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The will to succeed is important, but what's more important is the will to prepare. – Bobby Knight

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An Awful tasting Medicine..

It was awful tasting medicine, but I guess the patient needed it. – Steve Jobs

2013 admission season is almost over! I am not on the sunny side up, but I have managed to get back to my life. 🙂

In a weeks time, most of the admissions would’ve been over, a lot of us who are wait-listed might not get in (this time) and accepting it is one of the worst feelings ever. Especially – having got the reccos from your boss (who would smirk for next 8-9 months for missing the Bschool debut), – having to tell every friend/relative of yours the bad news (even to friends who have gotten to Harvard) it’s just damn! I didn’t even attempt my dream school ’cause I just couldn’t. (an expert would’ve recommended otherwise)! I can not only empathize, but I have been in your shoes.

I have one thing to tell you guys. It’s not easy and it’s not the end. It’s not easy to be that one black sheep (who didn’t get an admit). It’s not easy to get around and face your boss. Blimey, Its not easy to get the time, money or peace of mind back. But its possible.

It’s possible this is just a hiccup phase. It is possible that this is not the end. It is possible that your dream school is waiting for you and it is possible that you can pick yourself up. It is possible to face the world and sign up for the hells kitchen again. But, it’s only possible – if you haven’t given up.

All of us think that when we try a couple of times and hit a dead end – we have failed. But, It was and is never like that. Understanding failure is very crucial not only in MBA applications, but in life as well. We only fail if we give up. Otherwise, there is 50-50 chance for the coin to turn either side. (just like how it was when you first applied). A simple logic. But we trap ourselves in the past and forget that it was always 50-50 chance and we did go for it before and we have the potential to take it up again.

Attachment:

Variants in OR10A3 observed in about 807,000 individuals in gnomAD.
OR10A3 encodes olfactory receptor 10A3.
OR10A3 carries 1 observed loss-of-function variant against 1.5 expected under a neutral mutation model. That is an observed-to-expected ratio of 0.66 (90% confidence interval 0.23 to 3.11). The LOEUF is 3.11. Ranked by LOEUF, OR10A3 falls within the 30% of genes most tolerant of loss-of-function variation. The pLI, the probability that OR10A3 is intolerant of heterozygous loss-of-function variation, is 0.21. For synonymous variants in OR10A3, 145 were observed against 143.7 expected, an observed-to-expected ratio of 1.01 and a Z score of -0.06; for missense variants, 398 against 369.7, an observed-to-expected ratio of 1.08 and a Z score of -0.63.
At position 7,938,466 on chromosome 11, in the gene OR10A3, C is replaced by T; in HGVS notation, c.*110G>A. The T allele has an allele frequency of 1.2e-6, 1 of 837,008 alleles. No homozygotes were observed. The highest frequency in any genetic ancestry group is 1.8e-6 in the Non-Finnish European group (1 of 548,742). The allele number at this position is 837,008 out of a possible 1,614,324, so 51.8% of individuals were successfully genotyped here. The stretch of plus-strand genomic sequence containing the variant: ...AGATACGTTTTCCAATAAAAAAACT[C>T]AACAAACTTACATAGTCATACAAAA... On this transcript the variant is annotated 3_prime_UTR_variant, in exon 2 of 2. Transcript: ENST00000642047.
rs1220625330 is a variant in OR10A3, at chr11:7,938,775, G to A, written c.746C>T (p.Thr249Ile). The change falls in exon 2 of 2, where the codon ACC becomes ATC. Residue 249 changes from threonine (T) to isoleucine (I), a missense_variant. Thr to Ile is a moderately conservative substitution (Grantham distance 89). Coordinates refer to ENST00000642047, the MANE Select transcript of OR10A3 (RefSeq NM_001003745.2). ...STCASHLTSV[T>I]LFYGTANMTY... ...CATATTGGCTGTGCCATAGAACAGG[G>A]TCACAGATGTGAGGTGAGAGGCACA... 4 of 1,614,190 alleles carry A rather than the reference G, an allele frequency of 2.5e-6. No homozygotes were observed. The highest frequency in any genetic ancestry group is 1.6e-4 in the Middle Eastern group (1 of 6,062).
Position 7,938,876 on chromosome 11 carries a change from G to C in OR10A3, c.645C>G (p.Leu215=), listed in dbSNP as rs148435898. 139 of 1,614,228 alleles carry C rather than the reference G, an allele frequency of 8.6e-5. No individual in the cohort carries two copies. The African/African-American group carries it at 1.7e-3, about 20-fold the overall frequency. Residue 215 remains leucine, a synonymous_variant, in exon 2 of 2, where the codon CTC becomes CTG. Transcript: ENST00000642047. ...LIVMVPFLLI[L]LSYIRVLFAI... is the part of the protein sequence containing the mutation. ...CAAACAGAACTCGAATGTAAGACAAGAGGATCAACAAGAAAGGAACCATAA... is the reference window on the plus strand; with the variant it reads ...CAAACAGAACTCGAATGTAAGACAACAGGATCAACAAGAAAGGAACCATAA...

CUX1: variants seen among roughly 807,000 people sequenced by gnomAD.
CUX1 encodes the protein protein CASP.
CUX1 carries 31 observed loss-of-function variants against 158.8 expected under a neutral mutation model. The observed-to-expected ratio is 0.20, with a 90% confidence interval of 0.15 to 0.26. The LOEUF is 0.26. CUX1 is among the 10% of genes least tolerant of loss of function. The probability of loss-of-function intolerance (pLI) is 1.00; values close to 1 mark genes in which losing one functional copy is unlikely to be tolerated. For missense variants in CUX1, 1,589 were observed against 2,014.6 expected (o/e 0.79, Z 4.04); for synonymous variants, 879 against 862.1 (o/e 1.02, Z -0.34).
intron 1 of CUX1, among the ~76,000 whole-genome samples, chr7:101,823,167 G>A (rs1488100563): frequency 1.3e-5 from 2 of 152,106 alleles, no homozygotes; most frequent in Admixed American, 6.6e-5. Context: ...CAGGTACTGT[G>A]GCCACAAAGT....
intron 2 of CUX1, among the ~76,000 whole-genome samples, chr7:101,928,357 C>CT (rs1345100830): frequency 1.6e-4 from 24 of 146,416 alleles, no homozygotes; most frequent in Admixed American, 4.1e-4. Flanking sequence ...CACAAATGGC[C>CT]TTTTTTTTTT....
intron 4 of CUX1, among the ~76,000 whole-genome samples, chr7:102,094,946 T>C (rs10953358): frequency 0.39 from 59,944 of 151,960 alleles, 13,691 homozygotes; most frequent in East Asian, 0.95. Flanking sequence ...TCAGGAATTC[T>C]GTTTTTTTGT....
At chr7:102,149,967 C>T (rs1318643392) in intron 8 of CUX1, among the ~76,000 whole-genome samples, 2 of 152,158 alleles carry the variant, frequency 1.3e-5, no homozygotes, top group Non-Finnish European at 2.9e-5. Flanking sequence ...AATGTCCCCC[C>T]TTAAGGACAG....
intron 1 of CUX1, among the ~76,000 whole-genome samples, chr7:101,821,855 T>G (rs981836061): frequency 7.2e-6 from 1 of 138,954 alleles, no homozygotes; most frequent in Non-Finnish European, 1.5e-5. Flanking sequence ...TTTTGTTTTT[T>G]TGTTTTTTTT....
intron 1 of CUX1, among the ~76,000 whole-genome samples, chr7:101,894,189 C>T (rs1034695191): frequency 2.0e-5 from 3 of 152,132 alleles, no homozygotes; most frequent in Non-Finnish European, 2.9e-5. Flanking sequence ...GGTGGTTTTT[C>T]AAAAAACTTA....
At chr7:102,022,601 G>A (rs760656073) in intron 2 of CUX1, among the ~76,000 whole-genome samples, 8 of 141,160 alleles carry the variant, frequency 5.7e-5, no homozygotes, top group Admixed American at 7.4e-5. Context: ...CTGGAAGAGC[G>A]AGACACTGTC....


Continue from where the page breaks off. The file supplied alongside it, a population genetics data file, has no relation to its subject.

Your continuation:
To all those people who are looking back at a not so pretty picture here is the thing..

Life’s Biggest Lesson (Source)

On this note, I would like to begin the second innings of this blog.

I encourage all the bloggers to leave your blog addresses on the comments section 🙂 Lets loot this process together :).


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Congrats in Order

Happy New year to all!

For most of the jaw-dropping, piping-hot bschools, the R1 result have been declared. Many like mbaover30 (Wharton and Booth),Sassafras (Yale & Kellogg) and str1dr(Tuck) have been admitted to their dream schools. After nail-biting wait, many have been admitted. Few souls have been waitlisted (fret not, there is a hope they say, that goes a long way!).

I just wanted to extend my congratulations to all the folks out there who are finally seeing the light of the day, the fruit of all the sleepless nights they spent cramming over GMAT or Essays or interviews. The infinite number of forums they had to go through. It’s an amazing feat indeed!

Thanks for boosting our spirits for the new year!

With this, I conclude my first blog post of 2013!

Good luck to all of you who are looking forward to MBA Applications/admissions! A ride worth every sweat! 😀


Lessons on the go

Thanks giving is over already. This means only one thing, round 2 application deadlines are right around the corner, wishing you all the very best for this season! Hope this article, helps you in someway.

I haven’t posted in almost a month ‘cause I have been fretting too much than actually doing (Ah, doen’t that happen often!?). With the deadlines for round 2 is just around the corner. I began the essays with sheer pressure to not give up on my dreams. The reason I postponed my essays because, the first one I started with – career goal essay got me nowhere beyond 3 sentences. I was frustrated that I couldn’t come up with a career goal essay in a week (original target). So, I left it at that. And that became a month.

But since I began writing, everything else other than career goal essays, things have been moving a bit faster (not as much as I expected, but at least they are rolling). After a month of sitting and reading many “I will teach you how to write great MBA essay” guides, I thought I mastered the skill. So, I wrote my first essay just a few days ago and was utterly confident, it was a killer essay and sent it for a review. Only it came back, with the most dismal remark – it is good, but what is the point. I was too much in to the “stories” , the build ups, I lost sight of the whole point. That’s when I turned back to basics, reading essay guides and realized – Holly SHIT! This is all there -Where the essays could go wrong, what should it contain all of that.